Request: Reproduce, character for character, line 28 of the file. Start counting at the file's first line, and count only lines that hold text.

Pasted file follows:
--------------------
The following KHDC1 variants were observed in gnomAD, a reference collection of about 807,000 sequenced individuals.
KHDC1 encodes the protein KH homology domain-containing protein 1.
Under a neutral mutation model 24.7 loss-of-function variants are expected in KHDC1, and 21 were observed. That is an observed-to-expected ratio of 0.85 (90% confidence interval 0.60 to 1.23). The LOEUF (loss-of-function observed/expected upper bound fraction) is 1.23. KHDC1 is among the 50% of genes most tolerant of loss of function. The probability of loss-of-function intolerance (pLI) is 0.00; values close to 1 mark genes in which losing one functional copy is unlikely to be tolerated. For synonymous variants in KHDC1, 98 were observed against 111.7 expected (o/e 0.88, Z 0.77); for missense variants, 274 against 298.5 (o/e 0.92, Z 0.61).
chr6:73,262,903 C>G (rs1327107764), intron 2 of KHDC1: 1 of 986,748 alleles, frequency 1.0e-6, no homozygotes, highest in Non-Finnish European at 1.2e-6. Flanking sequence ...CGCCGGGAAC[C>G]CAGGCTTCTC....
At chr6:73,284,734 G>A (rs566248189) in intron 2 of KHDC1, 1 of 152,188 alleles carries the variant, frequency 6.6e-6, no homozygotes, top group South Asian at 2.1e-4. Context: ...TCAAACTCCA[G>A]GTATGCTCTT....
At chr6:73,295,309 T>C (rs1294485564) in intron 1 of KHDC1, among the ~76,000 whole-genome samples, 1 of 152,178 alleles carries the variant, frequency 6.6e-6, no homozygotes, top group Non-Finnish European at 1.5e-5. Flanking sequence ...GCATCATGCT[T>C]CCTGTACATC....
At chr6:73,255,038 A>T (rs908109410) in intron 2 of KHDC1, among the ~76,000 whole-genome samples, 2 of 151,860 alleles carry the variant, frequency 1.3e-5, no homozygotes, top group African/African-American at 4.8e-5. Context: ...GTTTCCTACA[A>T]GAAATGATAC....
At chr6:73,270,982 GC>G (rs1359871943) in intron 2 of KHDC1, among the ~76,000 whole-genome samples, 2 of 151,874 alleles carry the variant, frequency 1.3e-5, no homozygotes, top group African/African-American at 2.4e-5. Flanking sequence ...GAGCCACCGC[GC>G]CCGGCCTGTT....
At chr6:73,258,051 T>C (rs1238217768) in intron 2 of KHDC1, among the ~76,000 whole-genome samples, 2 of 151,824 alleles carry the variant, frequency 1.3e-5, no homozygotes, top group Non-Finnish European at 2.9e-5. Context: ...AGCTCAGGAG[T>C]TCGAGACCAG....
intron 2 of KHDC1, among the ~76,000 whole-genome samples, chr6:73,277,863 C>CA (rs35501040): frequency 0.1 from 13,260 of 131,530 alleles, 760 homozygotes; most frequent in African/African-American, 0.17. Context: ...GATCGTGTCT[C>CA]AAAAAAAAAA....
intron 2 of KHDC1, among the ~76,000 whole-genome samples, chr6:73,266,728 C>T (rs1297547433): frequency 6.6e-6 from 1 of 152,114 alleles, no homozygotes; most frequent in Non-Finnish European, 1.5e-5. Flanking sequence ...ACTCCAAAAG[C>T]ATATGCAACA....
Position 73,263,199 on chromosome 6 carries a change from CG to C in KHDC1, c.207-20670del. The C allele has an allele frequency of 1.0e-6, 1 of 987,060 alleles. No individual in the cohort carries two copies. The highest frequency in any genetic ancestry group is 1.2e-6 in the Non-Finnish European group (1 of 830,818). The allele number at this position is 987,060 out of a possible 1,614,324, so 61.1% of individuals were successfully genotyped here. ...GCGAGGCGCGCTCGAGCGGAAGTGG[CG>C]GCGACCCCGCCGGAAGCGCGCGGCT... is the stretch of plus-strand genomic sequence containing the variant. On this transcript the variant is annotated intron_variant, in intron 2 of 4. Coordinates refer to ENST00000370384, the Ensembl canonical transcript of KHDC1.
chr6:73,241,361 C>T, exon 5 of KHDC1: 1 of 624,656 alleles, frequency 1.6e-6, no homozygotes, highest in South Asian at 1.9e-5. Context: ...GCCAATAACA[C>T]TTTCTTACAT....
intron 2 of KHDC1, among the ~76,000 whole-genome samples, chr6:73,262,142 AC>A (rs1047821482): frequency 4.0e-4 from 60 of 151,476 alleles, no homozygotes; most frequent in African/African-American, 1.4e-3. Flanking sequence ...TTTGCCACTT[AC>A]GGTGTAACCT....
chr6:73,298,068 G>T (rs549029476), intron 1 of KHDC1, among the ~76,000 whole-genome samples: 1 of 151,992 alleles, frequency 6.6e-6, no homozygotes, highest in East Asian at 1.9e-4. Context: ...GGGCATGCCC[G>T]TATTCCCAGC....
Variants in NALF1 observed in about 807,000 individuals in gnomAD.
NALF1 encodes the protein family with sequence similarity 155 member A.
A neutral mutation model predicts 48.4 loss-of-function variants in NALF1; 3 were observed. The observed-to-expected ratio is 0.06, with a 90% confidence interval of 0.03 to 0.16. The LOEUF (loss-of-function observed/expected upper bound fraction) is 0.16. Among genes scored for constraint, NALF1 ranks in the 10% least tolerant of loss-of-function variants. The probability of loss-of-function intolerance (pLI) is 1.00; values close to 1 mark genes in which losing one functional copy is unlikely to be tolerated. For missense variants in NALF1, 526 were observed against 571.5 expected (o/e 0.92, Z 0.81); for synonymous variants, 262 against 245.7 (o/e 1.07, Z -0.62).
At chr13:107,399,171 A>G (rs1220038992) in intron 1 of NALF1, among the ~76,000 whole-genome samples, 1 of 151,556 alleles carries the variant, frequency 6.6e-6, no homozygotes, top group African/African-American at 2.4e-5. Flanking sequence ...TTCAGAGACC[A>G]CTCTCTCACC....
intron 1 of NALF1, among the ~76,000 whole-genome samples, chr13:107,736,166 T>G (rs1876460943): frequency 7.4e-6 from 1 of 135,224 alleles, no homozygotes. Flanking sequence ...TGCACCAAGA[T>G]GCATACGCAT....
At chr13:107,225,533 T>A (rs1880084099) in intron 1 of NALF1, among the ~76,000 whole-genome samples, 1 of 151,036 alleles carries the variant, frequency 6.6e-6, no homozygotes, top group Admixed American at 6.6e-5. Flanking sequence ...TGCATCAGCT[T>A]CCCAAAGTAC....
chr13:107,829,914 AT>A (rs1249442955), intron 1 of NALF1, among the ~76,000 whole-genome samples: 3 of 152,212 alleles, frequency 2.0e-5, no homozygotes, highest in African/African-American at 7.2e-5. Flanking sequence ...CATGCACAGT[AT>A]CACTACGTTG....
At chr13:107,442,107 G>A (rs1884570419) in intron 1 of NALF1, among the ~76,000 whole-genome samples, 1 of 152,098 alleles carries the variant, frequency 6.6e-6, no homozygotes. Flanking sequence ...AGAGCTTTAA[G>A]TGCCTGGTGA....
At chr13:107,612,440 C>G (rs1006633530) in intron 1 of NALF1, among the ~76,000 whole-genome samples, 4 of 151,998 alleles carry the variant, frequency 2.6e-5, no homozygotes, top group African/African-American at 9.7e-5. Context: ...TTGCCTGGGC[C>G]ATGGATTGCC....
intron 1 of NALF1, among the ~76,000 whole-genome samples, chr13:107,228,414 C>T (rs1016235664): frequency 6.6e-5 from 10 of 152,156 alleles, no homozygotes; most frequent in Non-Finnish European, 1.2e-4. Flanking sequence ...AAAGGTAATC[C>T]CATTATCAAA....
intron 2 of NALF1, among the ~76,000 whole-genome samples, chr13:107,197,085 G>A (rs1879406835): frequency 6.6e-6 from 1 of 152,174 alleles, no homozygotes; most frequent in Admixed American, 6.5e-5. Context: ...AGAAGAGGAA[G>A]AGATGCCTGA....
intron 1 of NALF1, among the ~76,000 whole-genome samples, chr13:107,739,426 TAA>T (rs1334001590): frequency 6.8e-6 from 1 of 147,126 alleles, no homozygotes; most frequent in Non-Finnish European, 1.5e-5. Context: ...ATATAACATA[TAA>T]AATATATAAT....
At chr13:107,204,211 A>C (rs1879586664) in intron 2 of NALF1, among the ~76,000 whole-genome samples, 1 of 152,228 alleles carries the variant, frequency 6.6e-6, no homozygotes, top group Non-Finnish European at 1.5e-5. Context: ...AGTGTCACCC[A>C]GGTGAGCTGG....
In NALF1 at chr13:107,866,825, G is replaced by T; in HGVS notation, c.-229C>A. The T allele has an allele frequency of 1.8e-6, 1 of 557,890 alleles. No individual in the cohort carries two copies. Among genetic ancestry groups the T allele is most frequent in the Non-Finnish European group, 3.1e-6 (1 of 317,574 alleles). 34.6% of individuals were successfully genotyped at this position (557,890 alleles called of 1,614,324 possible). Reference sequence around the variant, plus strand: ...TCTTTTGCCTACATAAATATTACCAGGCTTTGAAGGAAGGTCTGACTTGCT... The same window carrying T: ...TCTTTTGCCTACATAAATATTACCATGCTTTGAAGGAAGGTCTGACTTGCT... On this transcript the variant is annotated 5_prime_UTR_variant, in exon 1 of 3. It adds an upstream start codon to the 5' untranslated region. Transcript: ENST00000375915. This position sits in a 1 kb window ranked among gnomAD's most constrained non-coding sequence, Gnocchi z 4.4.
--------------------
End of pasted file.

At chr13:107,204,211 A>C (rs1879586664) in intron 2 of NALF1, among the ~76,000 whole-genome samples, 1 of 152,228 alleles carries the variant, frequency 6.6e-6, no homozygotes, top group Non-Finnish European at 1.5e-5. Context: ...AGTGTCACCC[A>C]GGTGAGCTGG....